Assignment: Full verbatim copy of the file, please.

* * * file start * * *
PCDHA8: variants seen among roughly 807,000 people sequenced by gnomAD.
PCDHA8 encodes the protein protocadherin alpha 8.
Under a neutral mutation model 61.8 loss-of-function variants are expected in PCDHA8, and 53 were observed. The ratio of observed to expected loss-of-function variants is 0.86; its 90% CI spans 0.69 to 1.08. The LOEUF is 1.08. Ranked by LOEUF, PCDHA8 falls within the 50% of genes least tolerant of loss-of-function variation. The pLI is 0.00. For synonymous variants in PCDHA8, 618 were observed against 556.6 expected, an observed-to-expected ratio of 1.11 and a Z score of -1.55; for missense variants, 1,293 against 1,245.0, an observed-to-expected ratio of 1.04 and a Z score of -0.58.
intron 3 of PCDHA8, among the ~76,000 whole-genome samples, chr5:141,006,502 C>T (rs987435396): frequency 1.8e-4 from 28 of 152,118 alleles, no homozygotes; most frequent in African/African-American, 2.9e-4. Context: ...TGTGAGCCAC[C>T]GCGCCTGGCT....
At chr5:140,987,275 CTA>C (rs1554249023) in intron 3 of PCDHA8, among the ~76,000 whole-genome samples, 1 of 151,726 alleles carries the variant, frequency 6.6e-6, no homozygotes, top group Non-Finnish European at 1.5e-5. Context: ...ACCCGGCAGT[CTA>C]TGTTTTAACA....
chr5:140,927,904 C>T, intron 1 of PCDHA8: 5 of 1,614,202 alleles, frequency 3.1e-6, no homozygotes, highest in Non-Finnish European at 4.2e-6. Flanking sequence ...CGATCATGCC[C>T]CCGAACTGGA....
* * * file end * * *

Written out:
PCDHA8: variants seen among roughly 807,000 people sequenced by gnomAD.
PCDHA8 encodes the protein protocadherin alpha 8.
Under a neutral mutation model 61.8 loss-of-function variants are expected in PCDHA8, and 53 were observed. The ratio of observed to expected loss-of-function variants is 0.86; its 90% CI spans 0.69 to 1.08. The LOEUF is 1.08. Ranked by LOEUF, PCDHA8 falls within the 50% of genes least tolerant of loss-of-function variation. The pLI is 0.00. For synonymous variants in PCDHA8, 618 were observed against 556.6 expected, an observed-to-expected ratio of 1.11 and a Z score of -1.55; for missense variants, 1,293 against 1,245.0, an observed-to-expected ratio of 1.04 and a Z score of -0.58.
intron 3 of PCDHA8, among the ~76,000 whole-genome samples, chr5:141,006,502 C>T (rs987435396): frequency 1.8e-4 from 28 of 152,118 alleles, no homozygotes; most frequent in African/African-American, 2.9e-4. Context: ...TGTGAGCCAC[C>T]GCGCCTGGCT....
At chr5:140,987,275 CTA>C (rs1554249023) in intron 3 of PCDHA8, among the ~76,000 whole-genome samples, 1 of 151,726 alleles carries the variant, frequency 6.6e-6, no homozygotes, top group Non-Finnish European at 1.5e-5. Context: ...ACCCGGCAGT[CTA>C]TGTTTTAACA....
chr5:140,927,904 C>T, intron 1 of PCDHA8: 5 of 1,614,202 alleles, frequency 3.1e-6, no homozygotes, highest in Non-Finnish European at 4.2e-6. Flanking sequence ...CGATCATGCC[C>T]CCGAACTGGA....